I keep an open mind and I keep the communication lines flexible and open. Matthew and I talk a lot. I do expect him to talk to me in a respectful tone, but he knows he can (and usually does) come to me about almost anything.  I try to squeeze in different ideas on how to help him keep himself safe and make good choices. I know it’s hard on him to have to be more responsible for himself than he should have to at his age, so I make it a point to praise him every chance I get, for doing it so well. I don’t chastise him about mistakes, but we talk about what he might have done differently when he does goof. I treat him like he has common sense and tell him I’m proud of him often. Because he does take on responsibilities beyond his years when he’s with his biological parents, I try to take some of the pressure off when he’s at home with me by doing special things with him or for him. I make special things for his lunch box that aren’t food related (drawings and notes). He loves when I do stuff like that. I give him age-appropriate choices on a variety of things such as clothing, or sometimes let him pick the veggie of the night. I taught him to use a microwave, read cooking instructions, and let him help me cook if he wants to, but I don’t make it a demand.

Matthew used to have a lot of behavior issues at school and at home. There were times when he spent more time in time-out than he did out of it. But he has learned, he has grown, and he has succeeded and exceeded expectations in many ways. He’s hardly ever in trouble anymore, and when it happens (because it does every few months), we talk about it, discuss better choices, and move on. I don’t belabor issues that I think he understands, and sometimes I think his worst punishment these days is my disappointment.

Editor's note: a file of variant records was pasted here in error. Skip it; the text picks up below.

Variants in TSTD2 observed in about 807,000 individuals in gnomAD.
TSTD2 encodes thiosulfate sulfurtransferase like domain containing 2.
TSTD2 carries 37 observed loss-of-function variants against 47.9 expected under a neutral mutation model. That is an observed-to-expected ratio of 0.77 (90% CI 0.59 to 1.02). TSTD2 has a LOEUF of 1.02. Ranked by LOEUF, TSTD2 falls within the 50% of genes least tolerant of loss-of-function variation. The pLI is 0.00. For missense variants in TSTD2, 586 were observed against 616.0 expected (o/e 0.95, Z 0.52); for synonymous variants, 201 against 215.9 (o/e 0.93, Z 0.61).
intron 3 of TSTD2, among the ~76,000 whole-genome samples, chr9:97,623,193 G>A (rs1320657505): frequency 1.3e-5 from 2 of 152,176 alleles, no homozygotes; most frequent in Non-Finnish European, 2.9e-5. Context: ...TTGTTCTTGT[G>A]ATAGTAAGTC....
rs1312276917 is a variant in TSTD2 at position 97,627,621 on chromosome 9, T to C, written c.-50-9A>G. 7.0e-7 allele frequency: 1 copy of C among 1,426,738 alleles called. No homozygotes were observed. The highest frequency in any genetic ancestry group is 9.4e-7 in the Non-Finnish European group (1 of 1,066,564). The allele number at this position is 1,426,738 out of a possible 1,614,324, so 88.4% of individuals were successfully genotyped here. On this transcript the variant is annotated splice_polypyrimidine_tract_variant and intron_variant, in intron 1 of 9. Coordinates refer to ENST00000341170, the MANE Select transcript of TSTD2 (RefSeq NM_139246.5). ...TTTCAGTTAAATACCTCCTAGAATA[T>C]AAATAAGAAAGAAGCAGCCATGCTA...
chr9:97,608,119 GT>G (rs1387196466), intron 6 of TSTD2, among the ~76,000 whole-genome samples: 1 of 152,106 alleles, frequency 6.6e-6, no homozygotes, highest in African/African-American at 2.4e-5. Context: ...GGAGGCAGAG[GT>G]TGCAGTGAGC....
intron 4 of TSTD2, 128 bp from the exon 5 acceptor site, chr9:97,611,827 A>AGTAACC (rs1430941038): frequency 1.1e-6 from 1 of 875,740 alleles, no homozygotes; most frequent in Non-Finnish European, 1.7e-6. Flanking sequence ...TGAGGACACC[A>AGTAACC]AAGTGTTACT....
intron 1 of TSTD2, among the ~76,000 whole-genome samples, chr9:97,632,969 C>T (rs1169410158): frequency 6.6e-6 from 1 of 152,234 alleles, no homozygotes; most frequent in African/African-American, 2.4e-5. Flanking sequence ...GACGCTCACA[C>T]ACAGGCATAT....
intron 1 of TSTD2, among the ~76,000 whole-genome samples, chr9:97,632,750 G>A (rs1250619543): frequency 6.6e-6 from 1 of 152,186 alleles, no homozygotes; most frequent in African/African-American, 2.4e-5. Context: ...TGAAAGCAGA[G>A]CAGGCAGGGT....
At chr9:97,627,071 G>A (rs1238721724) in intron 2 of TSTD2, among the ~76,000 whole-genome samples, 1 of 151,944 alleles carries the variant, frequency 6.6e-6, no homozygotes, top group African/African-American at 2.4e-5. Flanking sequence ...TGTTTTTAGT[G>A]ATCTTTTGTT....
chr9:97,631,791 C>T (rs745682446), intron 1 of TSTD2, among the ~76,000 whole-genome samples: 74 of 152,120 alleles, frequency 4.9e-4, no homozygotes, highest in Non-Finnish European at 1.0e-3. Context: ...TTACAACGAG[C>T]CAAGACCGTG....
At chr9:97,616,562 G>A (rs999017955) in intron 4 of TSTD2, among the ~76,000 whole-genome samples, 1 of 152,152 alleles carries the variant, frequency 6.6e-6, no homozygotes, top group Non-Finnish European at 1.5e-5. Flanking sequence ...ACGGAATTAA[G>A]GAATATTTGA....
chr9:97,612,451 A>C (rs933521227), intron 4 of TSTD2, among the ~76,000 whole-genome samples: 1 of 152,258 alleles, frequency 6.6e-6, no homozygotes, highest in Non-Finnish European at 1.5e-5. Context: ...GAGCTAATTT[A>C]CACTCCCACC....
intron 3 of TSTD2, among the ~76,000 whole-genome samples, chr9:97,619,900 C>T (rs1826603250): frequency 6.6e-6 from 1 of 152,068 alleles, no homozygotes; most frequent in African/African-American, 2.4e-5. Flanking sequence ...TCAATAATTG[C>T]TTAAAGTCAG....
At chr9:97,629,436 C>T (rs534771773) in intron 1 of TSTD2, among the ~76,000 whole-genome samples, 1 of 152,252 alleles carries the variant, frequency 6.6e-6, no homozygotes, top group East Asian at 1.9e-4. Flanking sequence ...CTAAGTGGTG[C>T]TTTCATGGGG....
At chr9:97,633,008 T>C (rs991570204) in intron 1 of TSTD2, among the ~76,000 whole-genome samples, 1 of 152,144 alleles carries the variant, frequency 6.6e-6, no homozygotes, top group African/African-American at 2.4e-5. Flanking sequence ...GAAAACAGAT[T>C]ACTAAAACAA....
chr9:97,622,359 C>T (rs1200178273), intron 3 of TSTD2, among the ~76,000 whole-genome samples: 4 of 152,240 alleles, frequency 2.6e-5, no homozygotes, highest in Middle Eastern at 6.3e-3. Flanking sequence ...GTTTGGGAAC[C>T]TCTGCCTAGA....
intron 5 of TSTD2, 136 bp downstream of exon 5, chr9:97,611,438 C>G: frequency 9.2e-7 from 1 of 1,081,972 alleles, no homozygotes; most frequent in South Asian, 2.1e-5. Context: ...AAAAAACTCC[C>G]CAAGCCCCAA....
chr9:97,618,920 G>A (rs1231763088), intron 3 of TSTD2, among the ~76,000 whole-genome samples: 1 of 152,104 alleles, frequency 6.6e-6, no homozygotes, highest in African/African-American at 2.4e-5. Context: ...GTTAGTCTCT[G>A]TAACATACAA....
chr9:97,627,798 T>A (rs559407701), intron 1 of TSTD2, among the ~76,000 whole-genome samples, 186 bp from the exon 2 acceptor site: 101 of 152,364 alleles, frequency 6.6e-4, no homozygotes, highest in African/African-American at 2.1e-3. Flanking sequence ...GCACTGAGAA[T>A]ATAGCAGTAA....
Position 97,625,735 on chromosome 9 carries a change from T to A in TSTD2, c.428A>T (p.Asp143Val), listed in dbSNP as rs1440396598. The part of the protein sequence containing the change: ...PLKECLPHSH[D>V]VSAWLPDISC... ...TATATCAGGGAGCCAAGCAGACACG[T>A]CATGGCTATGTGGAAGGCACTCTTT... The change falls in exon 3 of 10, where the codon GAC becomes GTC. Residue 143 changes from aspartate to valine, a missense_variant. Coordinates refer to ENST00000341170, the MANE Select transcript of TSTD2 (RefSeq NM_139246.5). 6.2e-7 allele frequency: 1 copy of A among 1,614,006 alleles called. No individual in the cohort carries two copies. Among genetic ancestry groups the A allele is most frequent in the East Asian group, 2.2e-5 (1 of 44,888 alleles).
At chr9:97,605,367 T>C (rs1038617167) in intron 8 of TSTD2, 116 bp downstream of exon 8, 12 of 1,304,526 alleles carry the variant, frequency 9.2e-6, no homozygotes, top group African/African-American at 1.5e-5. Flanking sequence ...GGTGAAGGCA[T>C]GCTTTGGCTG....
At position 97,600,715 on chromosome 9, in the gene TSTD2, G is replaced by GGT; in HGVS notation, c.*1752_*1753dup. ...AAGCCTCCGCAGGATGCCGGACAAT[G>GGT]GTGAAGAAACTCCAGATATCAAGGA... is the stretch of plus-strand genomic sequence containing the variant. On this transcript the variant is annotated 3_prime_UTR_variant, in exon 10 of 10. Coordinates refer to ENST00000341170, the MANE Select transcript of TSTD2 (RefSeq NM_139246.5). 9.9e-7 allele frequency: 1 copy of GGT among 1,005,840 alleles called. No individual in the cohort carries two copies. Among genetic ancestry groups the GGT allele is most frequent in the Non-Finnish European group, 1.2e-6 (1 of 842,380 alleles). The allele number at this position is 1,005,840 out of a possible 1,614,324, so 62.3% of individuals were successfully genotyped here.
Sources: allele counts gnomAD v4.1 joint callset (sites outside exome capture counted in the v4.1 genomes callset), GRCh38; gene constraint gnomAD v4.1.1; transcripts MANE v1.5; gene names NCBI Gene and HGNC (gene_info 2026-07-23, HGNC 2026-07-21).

In the meantime, I do lots of things with Matthew that give him a sense of his childhood. We work in the garden together, goof around, make jokes, send each other emails, go bowling, listen to music, and travel. We play putt-putt golf, hopscotch and catch. I coach his little league team, and we go ice skating. We love movies, air hockey, and horseback riding. We also go to his school’s football games, other school events. And I take lots of pictures that we enjoy looking at together. I tell him stories of when he “was little” and he totally loves it. I kiss him goodnight every night, and tell him I love him at least twice every day.  I think these things are what childhood should be about.

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Standing in place of the parent, or acting parent, or "in loco parentis" is a big job that comes with a unique set challenges. I created this blog to share my story and my experiences with those who find themselves in a similiar situation. I look forward to hearing your comments!

The expenses do add up, so if you’d like to pitch in, please feel free to donate a few bucks. I really appreciate your generosity!